Educators dressed in red have taken to the streets to demand more for their students. Educators from around the State are bringing the Red for Ed movement to the steps of the Nevada Legislature in Carson City, NV, and to the Grant Sawyer Building in Las Vegas. (Bizuayehu Tesfaye/Las Vegas Review-Journal) @bizutesfaye
Nature Conservancy Ranch
The Nature Conservancy just bought the 900-acre 7J Ranch at the headwaters of the Amargosa River, north of Beatty. The property could become a research station, though ranching will continue.
Swift water rescue at Durango Wash in Las Vegas
On Thursday, February 14, 2019, at approximately 8:42 a.m., the Clark County Fire Department responded to a report of a swift water incident where people were trapped in the Durango wash which is located near 8771 Halcon Ave. Personnel found one person who was trapped in the flood channel. The individual was transported to the hospital in stable condition. Video by Clark County Fire & Rescue.
Flooding at E Cheyenne in N. Las Vegas Blvd.
Quick Weather Around the Strip
Rain hits Las Vegas, but that doesn't stop people from heading out to the Strip. (Mat Luschek/Review-Journal)
Aaron Semas, professional bull rider, talks about his traumatic brain injuries
Aaron Semas, professional bull rider, talks about his traumatic brain injuries. The Cleveland Clinic will begin researching the brains of retired bull riders to understand the impact traumatic brain injuries have on cognition. (Bizuayehu Tesfaye/ Las Vegas Review-Journal) @bizutesfaye
Matt Stutzman shoots arrows with his feet
Matt Stutzman who was born without arms shoots arrows with his feet and hits the bullseye with remarkable accuracy. (Bizuayehu Tesfaye/Las Vegas Review-Journal) @bizutesfaye
Secretary of Air Force Emphasizes the Importance of Nellis AFB
US Secretary of the Air Force Heather Wilson visited Nellis Air Force Base during Red Flag training and described how important the base is to the military.
Former Northwest Academy student speaks out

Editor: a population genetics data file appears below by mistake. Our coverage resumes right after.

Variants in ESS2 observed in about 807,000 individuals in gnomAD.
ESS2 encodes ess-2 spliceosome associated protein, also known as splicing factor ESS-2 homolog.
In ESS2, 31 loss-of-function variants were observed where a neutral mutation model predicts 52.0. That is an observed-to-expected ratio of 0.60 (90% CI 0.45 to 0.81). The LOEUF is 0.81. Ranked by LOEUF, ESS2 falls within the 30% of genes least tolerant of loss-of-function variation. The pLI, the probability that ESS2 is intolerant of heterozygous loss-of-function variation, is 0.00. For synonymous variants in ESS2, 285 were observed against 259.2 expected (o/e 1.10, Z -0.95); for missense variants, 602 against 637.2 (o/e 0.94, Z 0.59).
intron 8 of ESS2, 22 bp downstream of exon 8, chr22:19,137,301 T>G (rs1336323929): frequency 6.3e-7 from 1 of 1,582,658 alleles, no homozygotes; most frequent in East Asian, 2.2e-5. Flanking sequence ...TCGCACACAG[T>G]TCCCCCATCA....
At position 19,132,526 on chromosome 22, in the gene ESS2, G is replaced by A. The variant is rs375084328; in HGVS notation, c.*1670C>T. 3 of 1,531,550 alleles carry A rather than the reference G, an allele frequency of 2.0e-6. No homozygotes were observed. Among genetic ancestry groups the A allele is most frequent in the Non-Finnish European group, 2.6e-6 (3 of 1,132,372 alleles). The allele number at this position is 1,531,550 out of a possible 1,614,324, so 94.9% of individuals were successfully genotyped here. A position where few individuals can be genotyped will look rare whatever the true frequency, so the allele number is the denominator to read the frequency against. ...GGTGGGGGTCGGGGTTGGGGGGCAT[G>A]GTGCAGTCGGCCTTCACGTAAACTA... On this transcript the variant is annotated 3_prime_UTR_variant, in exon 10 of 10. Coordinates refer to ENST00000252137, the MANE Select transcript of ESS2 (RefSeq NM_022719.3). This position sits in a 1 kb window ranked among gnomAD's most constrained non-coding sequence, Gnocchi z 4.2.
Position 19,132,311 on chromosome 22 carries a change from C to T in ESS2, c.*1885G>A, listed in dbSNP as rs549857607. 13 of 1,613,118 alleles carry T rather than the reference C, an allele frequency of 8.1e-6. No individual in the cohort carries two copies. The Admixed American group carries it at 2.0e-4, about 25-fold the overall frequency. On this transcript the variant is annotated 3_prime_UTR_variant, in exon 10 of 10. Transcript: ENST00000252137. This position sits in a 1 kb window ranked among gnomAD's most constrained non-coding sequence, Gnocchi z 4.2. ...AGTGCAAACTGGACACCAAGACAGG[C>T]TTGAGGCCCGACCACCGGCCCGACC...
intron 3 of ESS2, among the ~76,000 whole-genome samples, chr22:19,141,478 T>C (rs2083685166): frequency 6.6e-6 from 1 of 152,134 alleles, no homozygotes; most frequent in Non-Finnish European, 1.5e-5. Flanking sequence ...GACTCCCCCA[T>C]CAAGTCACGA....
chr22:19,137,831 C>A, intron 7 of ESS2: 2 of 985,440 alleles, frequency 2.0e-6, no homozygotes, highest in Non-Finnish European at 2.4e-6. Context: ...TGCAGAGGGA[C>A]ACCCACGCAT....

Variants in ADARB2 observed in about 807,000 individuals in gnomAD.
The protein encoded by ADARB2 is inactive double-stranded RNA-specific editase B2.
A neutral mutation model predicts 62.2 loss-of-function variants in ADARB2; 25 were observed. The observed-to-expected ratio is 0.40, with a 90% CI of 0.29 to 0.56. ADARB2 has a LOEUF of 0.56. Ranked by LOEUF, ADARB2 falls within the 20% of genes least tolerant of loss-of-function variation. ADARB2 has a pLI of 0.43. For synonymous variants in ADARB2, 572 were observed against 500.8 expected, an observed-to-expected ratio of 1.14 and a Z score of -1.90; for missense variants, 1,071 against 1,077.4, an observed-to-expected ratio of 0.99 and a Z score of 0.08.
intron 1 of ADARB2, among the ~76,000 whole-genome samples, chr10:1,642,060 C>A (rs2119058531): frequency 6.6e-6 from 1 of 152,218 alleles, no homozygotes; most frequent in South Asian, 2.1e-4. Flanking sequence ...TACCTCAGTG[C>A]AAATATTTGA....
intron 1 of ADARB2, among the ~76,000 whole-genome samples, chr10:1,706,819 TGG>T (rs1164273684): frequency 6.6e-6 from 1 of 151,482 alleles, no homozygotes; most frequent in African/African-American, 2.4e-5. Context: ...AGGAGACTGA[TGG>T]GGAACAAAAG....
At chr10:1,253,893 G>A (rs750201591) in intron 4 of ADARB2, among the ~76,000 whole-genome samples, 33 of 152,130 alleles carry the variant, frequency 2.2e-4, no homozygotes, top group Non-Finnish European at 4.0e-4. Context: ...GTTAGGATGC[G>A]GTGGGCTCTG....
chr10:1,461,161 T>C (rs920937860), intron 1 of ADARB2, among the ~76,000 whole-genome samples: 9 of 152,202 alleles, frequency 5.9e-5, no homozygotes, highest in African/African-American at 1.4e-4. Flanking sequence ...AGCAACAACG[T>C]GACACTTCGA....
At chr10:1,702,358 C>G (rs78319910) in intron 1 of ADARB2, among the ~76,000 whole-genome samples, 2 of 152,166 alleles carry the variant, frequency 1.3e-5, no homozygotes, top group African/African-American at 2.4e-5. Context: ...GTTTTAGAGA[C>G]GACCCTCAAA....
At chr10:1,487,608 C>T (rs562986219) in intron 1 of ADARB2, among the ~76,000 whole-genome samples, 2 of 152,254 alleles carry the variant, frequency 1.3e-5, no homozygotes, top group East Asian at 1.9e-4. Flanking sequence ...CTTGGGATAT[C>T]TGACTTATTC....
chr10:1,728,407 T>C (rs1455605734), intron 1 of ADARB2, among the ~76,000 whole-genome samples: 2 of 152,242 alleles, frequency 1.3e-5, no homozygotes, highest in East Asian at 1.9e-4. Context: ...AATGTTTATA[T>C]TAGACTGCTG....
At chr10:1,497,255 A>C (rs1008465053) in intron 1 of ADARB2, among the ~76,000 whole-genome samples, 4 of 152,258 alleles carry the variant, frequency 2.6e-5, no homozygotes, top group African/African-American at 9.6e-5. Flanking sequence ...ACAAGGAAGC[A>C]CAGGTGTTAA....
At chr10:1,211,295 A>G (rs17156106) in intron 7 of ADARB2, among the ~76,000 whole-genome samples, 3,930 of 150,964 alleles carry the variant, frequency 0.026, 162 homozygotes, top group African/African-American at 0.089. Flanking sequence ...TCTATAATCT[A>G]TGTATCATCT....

Tanner Reynolds, 13, with his mother Angela McDonald, speaks out on his experience as a former student of Northwest Academy in Amargosa Valley, which includes abuse by staff member Caleb Michael Hill. Hill, 29, was arrested Jan. 29 by the Nye County Sheriff’s Office on suspicion of child abuse.
Former Northwest Academy students speak out
Tristan Groom, 15, and his brother Jade Gaastra, 23, speak out on their experiences as former students of Northwest Academy in Amargosa Valley, which includes abuse by staff and excessive medication.
Disruption At Metro PD OIS Presser
A man claiming to be part of the press refused to leave a press conference at Metro police headquarters, Wednesday January 30, 2019. Officers were forced to physically remove the man. (Mat Luschek/Review-Journal)
Clients at Las Vegas’ Homeless Courtyard talk about their experience
Clients at Las Vegas’ Homeless Courtyard talk about their experience after the city began operating around the clock. (Bizuayehu Tesfaye/Las Vegas Review-Journal) @bizutesfaye
Las Vegas parts ways with operator of homeless courtyard
Jocelyn Bluitt-Fisher discusses the transition between operators of the homeless courtyard in Las Vegas, Thursday Jan. 24, 2019.(Caroline Brehman/Las Vegas Review-Journal)
Las Vegas police and Raiders partner with SafeNest
Las Vegas police and the Raiders partner with SafeNest on Project Safe 417 (the police code for domestic violence is 417). The program partners trained SafeNest volunteer advocates with Metropolitan Police Department officers dispatched to domestic violence calls, allowing advocates to provide immediate crisis advocacy to victims at the scene of those calls. (K.M. Cannon/Las Vegas Review-Journal) @KMCannonPhoto
North Las Vegas police chief discusses officer-involved shooting
North Las Vegas police chief Pamela Ojeda held a press conference Thursday, Jan. 24, regarding an officer-involved shooting that took place on Jan. 21. The incident resulted in the killing of suspect Horacio Ruiz-Rodriguez. (Mat Luschek/Las Vegas Review-Journal)
TOP NEWS
Home Front Page Footer Listing